Sunday, February 11, 2007

The Boar’s Gift

For the second time in the last two weeks, snow has again blanketed my garden. On Thursday night, I walked carefully through its brittle crunchiness, drawn by its icy persistence, to stand and dream beneath my rowan tree. I had been thinking of my mother and my twin brother, wondering how they were getting on with the aftermath of my father’s death.

I cast a circle and called upon the goddess to witness my working. The night smells crept closer. Somewhere on the edge of my nasal consciousness, I caught the ashy dustiness of wood smoke. I sent out a prayer on it’s tendrils that Mum and twin brother would find strength and comfort in the old woodland that they were the guardians of and that the trees would give them (and me) strength to go on.

I stroked the slender trunk of the rowan tree beside me. Behind my closed eyelids, the olive tree in the Spanish garden trembled softly in the breeze. Bending low, I searched and found the entrance, wriggled down and moved through the tunnel emerging into bright snow woodland, it’s black bare trees, edged with white, standing stark against the snow and the silver grey sky.

I walked through the woods, the way I had been other times. Before long, the path wound and rose to a steep high bank. My feet slipped and slithered in the half melted refrozen snow. I clutched at icy saplings and overhanging branches, showering myself in freezing water. Eventually, with a great effort I pulled myself onto the plateau above.

There, surrounded by trees, was the old tumble-down cottage, its cracked and peeling door firmly closed. Its upper windows, opaque and cobwebbed were sullenly dark. The downstairs one, glowed with flickering orange light lit by the hearth fire within whilst smoke slowly spiralled up from the chimney.

The ground before and all around it was smooth white. Nothing had gone this way since the snow fell. I stepped soundlessly across the clearing.
Knowing it would be unlocked; I pushed opened the cottage door and entered. Wood smoke, herbs, spices with an undertone of damp dog edged with mould, assailed my nostrils. Breathing deeply, I closed the door and walked towards the inviting fire. I sat down and stretched my cold fingers to it’s heat. Gazing quietly into it’s glowing embers, I began to feel the blood return to my hands and face.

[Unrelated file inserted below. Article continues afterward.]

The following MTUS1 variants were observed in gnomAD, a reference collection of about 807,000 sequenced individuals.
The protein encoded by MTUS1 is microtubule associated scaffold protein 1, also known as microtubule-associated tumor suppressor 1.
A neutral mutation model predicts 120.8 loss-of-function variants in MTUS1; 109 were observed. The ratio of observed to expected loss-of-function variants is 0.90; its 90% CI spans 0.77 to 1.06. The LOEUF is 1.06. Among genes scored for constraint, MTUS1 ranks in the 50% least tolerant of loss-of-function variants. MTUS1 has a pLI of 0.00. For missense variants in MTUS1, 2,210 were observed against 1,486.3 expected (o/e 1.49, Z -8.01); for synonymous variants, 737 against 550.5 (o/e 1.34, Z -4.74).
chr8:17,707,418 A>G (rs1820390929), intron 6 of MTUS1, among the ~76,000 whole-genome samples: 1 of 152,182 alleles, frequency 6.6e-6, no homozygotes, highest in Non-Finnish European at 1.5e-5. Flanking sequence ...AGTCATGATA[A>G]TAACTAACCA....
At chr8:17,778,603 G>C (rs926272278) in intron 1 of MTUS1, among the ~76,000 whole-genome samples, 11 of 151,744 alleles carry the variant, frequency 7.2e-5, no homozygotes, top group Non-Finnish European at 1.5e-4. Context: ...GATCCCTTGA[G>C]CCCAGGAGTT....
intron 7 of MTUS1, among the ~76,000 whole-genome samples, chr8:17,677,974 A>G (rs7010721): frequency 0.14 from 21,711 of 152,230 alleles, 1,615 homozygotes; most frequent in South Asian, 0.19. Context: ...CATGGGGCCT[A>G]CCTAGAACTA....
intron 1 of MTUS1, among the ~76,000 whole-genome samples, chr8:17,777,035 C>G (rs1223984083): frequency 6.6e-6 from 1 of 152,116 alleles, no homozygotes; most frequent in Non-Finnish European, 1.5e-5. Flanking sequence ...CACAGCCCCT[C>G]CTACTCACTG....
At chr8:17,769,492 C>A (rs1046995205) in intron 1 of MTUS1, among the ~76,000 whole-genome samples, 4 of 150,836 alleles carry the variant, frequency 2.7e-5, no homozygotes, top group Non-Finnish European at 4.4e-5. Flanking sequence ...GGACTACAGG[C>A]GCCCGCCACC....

Suddenly the kettle shrieked. Taking it from the flames, I set it down in the hearth and went in search of something to make a drink with and a vessel to put it in. On a set of shelves in a nearby dresser, were a jumble of jars and bottles and a stack of thick clay mugs. I gathered what I wanted and returned to make my tea.

Tossing a handful of curling velvety leaves into the fire, I breathed soft sage and stirred another handful of the herb into my mug. Inhaling deeply I felt myself ease and settle gently into watchful stillness, my hands nursing the mug.

And as I looked deep into the fire, from the corner of my eye, I caught a movement from the dark alcove. Emerging into the warm light, the old blind she-wolf edged cautiously forward, nose feeling the way. She sniffed my foot, my knee and my outstretch hand. Reaching forward with her head she rested it on my knee, groaning deeply in her throat with contentment as I stroked her bony old head.

After a while she shifted, as though to say “we’ve got things to do, come on”. I placed my now empty cup on the hearth and rose to follow her, hand on her back, not wanting to lose her.

She led me out of the room into the cold, dark corridor, to an ancient old oak door leading to the back of the cottage. Heaving it open with some difficulty (for it was stiff and reluctant) we edged through and out into the snow again.

The moon was up, the shadows of bare tree branches patterned the snowy carpet as we moved slowly forward between the trees. As we walked, they leaned closer to us and the wood became dark.

Bending under a snow laden branch, I followed the She-Wolf into a moonlit clearing. In the centre stood a dark still shape. As I moved closer, I saw it was a great tusked and whiskery black boar standing stolidly, head forward listening and watching us as we approached.

Was this an emissary of the goddess, I silently asked myself? The old she-wolf, move carefully towards him. The She-Wolf comes to comfort and guide me, like a parent, I remembered. Is he here to stand with me in these times, as a silent witness? The boar grunted, sniffed the she-wolf without curiosity or so it seemed, snorted once more in my general direction and turned and walked back amongst the trees.

The moonlight shon down upon the snow. A sweet, cloying and somehow unpleasant smell wafted towards me upon a sudden brisk little breeze. Where he had been, lay a steaming, dark, glistening fresh turd.

Snow slipped casually from the branches, the wood seemed to crackle and pop like a small hearth-fire. I threw back my head and roared with laughter. The trees bounced it back again, echoing it across the sky.

The She-Wolf returned to my side. Leaving the boar’s gift for the crawling creatures of the wood, together we walked back to the cottage. I knelt by the fire, fed it more wood, stroked the wolf in farewell and made my way back through the trees to my garden, still chuckling to myself.

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